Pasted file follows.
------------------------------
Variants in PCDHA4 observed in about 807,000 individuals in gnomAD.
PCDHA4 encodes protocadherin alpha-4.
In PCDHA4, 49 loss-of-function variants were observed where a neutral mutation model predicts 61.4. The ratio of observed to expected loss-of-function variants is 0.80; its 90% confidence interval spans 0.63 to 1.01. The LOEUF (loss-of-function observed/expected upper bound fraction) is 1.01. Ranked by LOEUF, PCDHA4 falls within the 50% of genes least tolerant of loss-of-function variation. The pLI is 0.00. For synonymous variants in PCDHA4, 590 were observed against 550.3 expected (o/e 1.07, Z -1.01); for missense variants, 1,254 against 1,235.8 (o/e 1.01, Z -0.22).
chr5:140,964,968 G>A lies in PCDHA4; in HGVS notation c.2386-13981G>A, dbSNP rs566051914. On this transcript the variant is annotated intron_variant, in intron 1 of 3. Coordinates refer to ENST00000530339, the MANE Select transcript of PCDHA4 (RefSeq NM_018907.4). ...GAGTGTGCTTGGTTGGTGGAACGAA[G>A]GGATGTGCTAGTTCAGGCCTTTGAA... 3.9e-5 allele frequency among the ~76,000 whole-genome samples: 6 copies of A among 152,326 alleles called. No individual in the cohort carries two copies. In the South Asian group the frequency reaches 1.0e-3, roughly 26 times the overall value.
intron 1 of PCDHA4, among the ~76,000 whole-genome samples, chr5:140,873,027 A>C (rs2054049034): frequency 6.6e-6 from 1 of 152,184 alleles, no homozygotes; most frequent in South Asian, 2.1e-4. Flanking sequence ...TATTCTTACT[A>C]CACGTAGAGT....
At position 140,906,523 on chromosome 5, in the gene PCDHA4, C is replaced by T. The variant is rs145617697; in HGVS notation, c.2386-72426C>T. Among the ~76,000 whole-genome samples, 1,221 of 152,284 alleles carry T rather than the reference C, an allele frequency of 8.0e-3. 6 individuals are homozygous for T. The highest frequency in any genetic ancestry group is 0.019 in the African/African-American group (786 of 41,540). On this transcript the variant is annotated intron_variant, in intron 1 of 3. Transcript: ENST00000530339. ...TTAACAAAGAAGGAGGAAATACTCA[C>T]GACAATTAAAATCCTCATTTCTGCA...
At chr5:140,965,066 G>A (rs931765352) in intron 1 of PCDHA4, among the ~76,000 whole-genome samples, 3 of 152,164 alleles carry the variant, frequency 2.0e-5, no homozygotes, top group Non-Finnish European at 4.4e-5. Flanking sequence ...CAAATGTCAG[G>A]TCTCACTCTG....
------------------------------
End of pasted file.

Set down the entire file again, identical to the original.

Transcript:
Variants in PCDHA4 observed in about 807,000 individuals in gnomAD.
PCDHA4 encodes protocadherin alpha-4.
In PCDHA4, 49 loss-of-function variants were observed where a neutral mutation model predicts 61.4. The ratio of observed to expected loss-of-function variants is 0.80; its 90% confidence interval spans 0.63 to 1.01. The LOEUF (loss-of-function observed/expected upper bound fraction) is 1.01. Ranked by LOEUF, PCDHA4 falls within the 50% of genes least tolerant of loss-of-function variation. The pLI is 0.00. For synonymous variants in PCDHA4, 590 were observed against 550.3 expected (o/e 1.07, Z -1.01); for missense variants, 1,254 against 1,235.8 (o/e 1.01, Z -0.22).
chr5:140,964,968 G>A lies in PCDHA4; in HGVS notation c.2386-13981G>A, dbSNP rs566051914. On this transcript the variant is annotated intron_variant, in intron 1 of 3. Coordinates refer to ENST00000530339, the MANE Select transcript of PCDHA4 (RefSeq NM_018907.4). ...GAGTGTGCTTGGTTGGTGGAACGAA[G>A]GGATGTGCTAGTTCAGGCCTTTGAA... 3.9e-5 allele frequency among the ~76,000 whole-genome samples: 6 copies of A among 152,326 alleles called. No individual in the cohort carries two copies. In the South Asian group the frequency reaches 1.0e-3, roughly 26 times the overall value.
intron 1 of PCDHA4, among the ~76,000 whole-genome samples, chr5:140,873,027 A>C (rs2054049034): frequency 6.6e-6 from 1 of 152,184 alleles, no homozygotes; most frequent in South Asian, 2.1e-4. Flanking sequence ...TATTCTTACT[A>C]CACGTAGAGT....
At position 140,906,523 on chromosome 5, in the gene PCDHA4, C is replaced by T. The variant is rs145617697; in HGVS notation, c.2386-72426C>T. Among the ~76,000 whole-genome samples, 1,221 of 152,284 alleles carry T rather than the reference C, an allele frequency of 8.0e-3. 6 individuals are homozygous for T. The highest frequency in any genetic ancestry group is 0.019 in the African/African-American group (786 of 41,540). On this transcript the variant is annotated intron_variant, in intron 1 of 3. Transcript: ENST00000530339. ...TTAACAAAGAAGGAGGAAATACTCA[C>T]GACAATTAAAATCCTCATTTCTGCA...
At chr5:140,965,066 G>A (rs931765352) in intron 1 of PCDHA4, among the ~76,000 whole-genome samples, 3 of 152,164 alleles carry the variant, frequency 2.0e-5, no homozygotes, top group Non-Finnish European at 4.4e-5. Flanking sequence ...CAAATGTCAG[G>A]TCTCACTCTG....